Brunson Released from Prison, Ending US-Turkey Feud
By Dorian Jones October 12, 2018
A Turkish court on Friday freed American Pastor Andrew Brunson, ending a bitter diplomatic dispute between Washington and Ankara. Brunson was facing 35 years in jail if he had been convicted on terrorism and espionage charges, allegations Washington called baseless.
U.S. President Donald Trump told reporters that Brunson had "suffered greatly" but was now in "good shape." On Twitter, Secretary of State Mike Pompeo said the Trump administration would continue to work to bring other "wrongfully imprisoned" Americans home.
The U.S. military was flying Brunson to Ramstein Air Base in Germany for a medical evaluation before he continued on to the United States. Trump said Brunson was likely to fly to Washington on Saturday and would visit the White House soon.
During the fourth day of hearings Friday in Brunson's case, three prosecution witnesses recanted earlier testimony. One said he didn't know who Brunson was, while others claimed the court had misunderstood their previous statements.
The Turkish court found Brunson guilty but sentenced him to only three years and one month in jail. The pastor had already served two years in pre-trial detention, so he was freed for time served.
"This is the day all my family has been waiting for," witnesses quoted Brunson as saying upon hearing the court sentence.
"We're grateful to the president, members of Congress and diplomatic leaders who continued to put pressure on Turkey to secure the freedom of Pastor Brunson," his lawyer, Jay Sekulow, said in a statement.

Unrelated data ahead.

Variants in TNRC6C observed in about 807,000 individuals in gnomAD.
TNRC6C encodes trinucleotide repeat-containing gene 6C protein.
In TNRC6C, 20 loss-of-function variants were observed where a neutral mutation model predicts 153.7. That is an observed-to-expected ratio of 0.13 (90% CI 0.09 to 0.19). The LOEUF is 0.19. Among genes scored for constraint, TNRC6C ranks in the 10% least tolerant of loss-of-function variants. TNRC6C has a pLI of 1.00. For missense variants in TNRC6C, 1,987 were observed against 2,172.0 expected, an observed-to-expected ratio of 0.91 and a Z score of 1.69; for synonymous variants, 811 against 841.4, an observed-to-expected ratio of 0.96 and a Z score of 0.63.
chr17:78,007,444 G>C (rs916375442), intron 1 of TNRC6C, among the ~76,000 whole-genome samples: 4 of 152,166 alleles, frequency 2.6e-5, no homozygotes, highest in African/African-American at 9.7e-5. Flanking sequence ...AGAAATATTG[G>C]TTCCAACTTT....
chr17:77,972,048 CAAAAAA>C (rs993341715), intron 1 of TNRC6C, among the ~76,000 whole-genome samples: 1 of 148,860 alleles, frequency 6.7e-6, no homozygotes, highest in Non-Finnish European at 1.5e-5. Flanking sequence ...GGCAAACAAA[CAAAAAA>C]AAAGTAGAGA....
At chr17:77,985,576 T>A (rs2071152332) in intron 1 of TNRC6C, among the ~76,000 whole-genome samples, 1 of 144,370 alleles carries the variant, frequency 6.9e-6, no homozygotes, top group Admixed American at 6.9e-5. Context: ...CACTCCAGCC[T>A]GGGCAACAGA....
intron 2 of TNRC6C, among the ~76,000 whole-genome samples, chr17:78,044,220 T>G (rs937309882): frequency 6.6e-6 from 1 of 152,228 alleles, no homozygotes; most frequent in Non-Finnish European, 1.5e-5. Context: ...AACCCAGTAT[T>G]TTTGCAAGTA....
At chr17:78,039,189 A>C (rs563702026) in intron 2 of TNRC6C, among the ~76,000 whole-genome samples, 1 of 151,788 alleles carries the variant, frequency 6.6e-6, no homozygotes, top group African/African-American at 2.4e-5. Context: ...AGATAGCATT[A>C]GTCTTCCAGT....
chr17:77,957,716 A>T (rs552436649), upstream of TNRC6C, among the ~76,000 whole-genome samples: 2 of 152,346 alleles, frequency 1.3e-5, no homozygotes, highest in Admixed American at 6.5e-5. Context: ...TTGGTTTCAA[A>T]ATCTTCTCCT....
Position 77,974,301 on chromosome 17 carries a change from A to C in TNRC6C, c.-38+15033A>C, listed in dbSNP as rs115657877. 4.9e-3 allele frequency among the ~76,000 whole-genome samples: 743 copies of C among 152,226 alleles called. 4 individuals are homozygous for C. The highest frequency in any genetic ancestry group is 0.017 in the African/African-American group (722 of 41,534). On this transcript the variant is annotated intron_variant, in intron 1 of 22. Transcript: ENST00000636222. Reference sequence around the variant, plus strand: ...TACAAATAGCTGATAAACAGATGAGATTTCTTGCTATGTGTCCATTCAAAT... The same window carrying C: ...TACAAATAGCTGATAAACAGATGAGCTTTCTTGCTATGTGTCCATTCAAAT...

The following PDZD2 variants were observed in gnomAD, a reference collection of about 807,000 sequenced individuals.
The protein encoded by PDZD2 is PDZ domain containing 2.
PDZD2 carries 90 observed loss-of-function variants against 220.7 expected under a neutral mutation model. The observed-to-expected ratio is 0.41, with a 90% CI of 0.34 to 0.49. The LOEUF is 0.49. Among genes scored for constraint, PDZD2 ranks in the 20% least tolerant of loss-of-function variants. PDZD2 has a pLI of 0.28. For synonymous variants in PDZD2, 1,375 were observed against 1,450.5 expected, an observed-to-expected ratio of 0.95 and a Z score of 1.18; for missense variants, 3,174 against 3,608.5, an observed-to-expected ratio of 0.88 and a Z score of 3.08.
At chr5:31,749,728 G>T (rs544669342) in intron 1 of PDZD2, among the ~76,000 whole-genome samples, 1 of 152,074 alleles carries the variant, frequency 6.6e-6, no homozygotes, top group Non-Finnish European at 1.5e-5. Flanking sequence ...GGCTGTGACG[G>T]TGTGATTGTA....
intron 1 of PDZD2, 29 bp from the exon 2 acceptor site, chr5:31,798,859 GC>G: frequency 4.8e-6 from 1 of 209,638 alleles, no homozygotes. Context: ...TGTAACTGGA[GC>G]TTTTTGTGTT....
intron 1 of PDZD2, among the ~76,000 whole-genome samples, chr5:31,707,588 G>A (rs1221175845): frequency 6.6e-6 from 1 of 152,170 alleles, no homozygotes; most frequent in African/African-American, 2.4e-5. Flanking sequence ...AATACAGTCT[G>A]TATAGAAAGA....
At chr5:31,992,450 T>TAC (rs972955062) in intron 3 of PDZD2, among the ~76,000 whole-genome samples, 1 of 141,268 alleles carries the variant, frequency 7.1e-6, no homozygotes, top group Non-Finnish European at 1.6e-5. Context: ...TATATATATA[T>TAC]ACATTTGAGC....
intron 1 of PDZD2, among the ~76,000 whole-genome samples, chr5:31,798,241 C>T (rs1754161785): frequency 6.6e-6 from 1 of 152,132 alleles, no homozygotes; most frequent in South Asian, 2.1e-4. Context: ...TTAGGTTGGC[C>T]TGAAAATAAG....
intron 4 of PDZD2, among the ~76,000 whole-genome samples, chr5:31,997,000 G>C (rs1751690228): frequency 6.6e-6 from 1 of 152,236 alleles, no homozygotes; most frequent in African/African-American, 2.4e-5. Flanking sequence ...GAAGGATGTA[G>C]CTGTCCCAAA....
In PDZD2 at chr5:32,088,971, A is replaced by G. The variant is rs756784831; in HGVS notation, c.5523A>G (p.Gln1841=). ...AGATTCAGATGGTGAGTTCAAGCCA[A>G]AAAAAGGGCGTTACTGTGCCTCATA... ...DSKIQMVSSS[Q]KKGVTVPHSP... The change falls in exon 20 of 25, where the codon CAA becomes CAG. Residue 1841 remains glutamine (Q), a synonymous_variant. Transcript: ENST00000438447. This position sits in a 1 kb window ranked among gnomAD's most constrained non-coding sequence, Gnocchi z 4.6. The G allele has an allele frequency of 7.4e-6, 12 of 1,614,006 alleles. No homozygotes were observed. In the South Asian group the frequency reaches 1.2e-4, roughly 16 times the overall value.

The pastor's case became the focal point of an unprecedented crisis in Turkish-U.S. relations. Trump, partly in retaliation for Brunson's prosecution, slapped Turkey with trade tariffs in August. The action made the Turkish currency collapse.
Brunson, 50, had lived in Turkey since the 1990s, running an evangelical church. He belongs to the same church as U.S. Vice President Mike Pence and Secretary of State Mike Pompeo and had become a focal point of concern for Trump's evangelical voting base. Observers said the pastor's release just before November's midterm elections was a big win for Trump.
U.S. media reported before Brunson's release about a secret deal between Ankara and Washington, a claim rejected by Turkish President Recep Tayyip Erdogan.
Analysts suggested the door was now open to resolving the many issues poisoning ties between the two NATO partners.
"The hope is Brunson's release, from then on, that there will be a domino effect of positive progress in Turkish-U.S. relations," said political analyst Atilla Yesilada of Global Source Partners.
"The release of Brunson is the essence for Turkish-U.S. relations to get back on track," said former senior Turkish diplomat Aydin Selcen.
But analyst Max Hoffman of the Center for American Progress, a U.S. research group, suggested in a VOA interview that there's danger to the U.S.-Turkey dynamic that resulted in Brunson's release.
"The U.S. sees that the stick approach worked, that a pressure campaign worked. ... They say pressure got their guy out of prison, and they'll be tempted to go back to that approach. That's dangerous," he said, "because eventually Erdogan will feel too much pressure and will lash out or, you know, refuse to back down and we'll have ... an even deeper crisis."
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